Administered by the Nobel Foundation in Stockholm, Sweden, the Nobel Prize has been awarded annually since 1901 for achievements in literature, physics, chemistry, and physiology or medicine, and for contributions to world peace. The foundation for the Nobel Prize was laid in November 1895 when Alfred Nobel (1833-1896) — a Swedish chemist and engineer best known as the inventor of dynamite — made provisions in his will to bequeath more than $4.2 million from his estate to the establishment of the awards named in his honor. Mr. Nobel specifically designated the institutions responsible for awarding each of the prizes: the Swedish Academy for the Nobel Prize in Literature; the Royal Swedish Academy of Sciences for the Nobel Prize in Physics and Chemistry; the Karolinska Institute for the Nobel Prize in Physiology or Medicine; and a Committee of five persons to be elected by the Norwegian Parliament for the Nobel Peace Prize.
Each year, the various Nobel Committees solicit nominations for Prize candidates from thousands of university professors, scientists, previous Nobel Laureates, and members of academies and parliamentary assemblies around the world.
For most of its existence, the Nobel Peace Prize has favored the idealistic internationalism that believes international law, trans-national organizations, and diplomatic “engagement” can promote global order and thwart aggression more effectively than nations pursuing their own self-interests in various ways, including, in some cases, military force.
In 1919, Woodrow Wilson won the Nobel Peace Prize for creating the chronically ineffective League of Nations, and for the next three years the Prize was awarded to people connected with the League.
In 1925, England’s Austen Chamberlain won for signing the Locarno Treaty, along with England, Italy, Belgium, and Germany, claiming it would “close the war chapter and start Europe afresh.” A New York Times headline celebrated, “France and Germany Ban War Forever.”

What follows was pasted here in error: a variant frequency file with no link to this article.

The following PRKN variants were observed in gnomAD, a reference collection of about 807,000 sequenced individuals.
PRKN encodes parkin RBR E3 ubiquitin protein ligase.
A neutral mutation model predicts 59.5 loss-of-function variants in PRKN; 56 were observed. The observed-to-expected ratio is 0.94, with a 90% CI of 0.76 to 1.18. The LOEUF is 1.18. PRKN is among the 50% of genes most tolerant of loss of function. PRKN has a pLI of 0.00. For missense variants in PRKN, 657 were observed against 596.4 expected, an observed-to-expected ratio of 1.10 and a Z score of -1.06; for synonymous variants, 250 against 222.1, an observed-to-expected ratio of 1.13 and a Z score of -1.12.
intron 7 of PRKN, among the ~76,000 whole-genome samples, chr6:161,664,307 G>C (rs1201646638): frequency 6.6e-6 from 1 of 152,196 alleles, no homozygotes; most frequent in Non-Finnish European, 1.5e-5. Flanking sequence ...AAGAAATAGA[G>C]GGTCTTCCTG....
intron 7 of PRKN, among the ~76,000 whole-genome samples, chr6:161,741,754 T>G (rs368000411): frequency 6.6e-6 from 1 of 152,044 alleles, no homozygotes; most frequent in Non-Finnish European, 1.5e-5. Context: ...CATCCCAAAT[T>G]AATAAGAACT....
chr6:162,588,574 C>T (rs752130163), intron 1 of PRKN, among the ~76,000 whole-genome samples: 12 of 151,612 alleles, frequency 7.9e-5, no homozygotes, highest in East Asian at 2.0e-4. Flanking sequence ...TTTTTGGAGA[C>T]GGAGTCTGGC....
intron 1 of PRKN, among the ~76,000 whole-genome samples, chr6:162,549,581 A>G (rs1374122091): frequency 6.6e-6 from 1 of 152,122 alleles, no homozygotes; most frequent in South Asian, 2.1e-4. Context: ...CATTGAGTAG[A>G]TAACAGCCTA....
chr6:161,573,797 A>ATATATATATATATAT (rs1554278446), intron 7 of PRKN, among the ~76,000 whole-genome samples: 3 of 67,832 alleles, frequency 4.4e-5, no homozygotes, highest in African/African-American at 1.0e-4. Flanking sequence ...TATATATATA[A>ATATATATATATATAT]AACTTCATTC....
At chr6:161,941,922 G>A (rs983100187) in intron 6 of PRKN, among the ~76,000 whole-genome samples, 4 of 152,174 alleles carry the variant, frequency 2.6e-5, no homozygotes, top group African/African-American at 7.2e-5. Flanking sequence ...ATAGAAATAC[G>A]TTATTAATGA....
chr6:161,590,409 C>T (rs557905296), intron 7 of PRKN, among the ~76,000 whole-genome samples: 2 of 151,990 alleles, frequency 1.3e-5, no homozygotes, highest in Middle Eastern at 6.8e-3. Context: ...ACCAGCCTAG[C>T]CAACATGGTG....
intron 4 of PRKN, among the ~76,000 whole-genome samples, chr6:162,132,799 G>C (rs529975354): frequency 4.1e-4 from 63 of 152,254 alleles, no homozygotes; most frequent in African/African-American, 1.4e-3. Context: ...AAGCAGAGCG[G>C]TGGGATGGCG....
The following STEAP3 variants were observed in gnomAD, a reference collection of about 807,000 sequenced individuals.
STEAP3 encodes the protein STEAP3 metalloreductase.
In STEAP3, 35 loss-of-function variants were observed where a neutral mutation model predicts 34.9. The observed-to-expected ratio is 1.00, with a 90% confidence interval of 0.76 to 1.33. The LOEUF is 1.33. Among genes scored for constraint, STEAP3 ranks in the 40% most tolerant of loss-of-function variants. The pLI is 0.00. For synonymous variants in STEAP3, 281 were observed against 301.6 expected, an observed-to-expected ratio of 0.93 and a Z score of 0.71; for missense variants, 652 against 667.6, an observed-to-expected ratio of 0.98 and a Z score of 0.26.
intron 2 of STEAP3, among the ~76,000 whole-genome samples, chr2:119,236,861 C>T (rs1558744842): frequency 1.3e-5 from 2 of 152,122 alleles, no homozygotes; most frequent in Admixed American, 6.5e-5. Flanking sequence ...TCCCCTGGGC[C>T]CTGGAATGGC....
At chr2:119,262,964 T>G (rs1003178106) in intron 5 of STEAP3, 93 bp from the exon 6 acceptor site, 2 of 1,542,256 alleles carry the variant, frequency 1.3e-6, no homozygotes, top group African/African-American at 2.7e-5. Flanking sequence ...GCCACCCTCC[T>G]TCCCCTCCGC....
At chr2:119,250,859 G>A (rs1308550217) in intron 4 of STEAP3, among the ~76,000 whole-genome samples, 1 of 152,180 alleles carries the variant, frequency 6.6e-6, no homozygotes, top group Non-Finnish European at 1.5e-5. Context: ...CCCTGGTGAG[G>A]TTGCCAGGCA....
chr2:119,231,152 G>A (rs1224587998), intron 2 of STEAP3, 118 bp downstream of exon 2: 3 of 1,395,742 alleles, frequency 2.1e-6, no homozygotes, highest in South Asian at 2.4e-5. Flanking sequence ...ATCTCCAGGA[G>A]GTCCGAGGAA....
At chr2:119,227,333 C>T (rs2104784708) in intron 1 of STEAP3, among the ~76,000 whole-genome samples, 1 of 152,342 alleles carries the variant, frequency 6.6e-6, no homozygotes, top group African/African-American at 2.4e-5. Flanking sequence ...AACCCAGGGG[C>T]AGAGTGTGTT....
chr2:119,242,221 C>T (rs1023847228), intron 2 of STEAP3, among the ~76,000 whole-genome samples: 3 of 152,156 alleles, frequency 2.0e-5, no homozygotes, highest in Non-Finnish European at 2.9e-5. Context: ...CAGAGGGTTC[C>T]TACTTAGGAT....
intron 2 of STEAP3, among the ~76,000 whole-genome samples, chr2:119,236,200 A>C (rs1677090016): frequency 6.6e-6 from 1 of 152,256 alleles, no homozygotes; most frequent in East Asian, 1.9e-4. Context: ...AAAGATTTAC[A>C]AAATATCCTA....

In 1926, the Prize went to French Prime Minister Aristide Briand, who also had signed Locarno.
In 1929, United States Secretary of State Frank B. Kellogg won the Peace Prize for co-authoring, along with Aristide Briand, the Kellogg-Briand Pact. By the terms of this agreement, the contracting parties “condemn recourse to war for the solution of international controversies, and renounce it, as an instrument of national policy in their relations with one another.” Further, the signatories pledged that “the settlement or solution of all disputes or conflicts … shall never be sought except by pacific means.” Forty-nine nations signed the document, including the future Axis aggressors Germany, Italy, and Japan. History shows, of course, that the Kellogg-Briand Pact’s idealistic “outlawing” of war did nothing to stop the relentless march to World War II facilitated by those appeasers in the West who believed that such diplomatic magical thinking could be effective against aggressors’ willingness to use violence to achieve their aims.
Yet such failures have not deterred the Nobel Committee from continuing to reward internationalist delusions. In recent decades the Committee for the Nobel Peace Prize has become increasingly inclined to make its award an extension of its leftist politics and preferences.
In 1973, for example, the Nobel Peace Prize was conferred jointly to Communist North Vietnamese political leader Le Duc Tho — who in 1956 oversaw the start of the Communist insurgency against South Vietnam — and American Secretary of State Henry Kissinger, for their efforts in negotiating the Paris Peace Accords that resulted in a ceasefire and an American withdrawal from Vietnam. But the 1973 peace was a fragile one, and Le continued thereafter to direct the military operations against President Nguyen Van Thieu of South Vietnam. Then, shortly after U.S. funding to South Vietnam’s war effort was cut off in early 1975, Saigon fell to the Communists who proceeded to execute tens of thousands of peasants.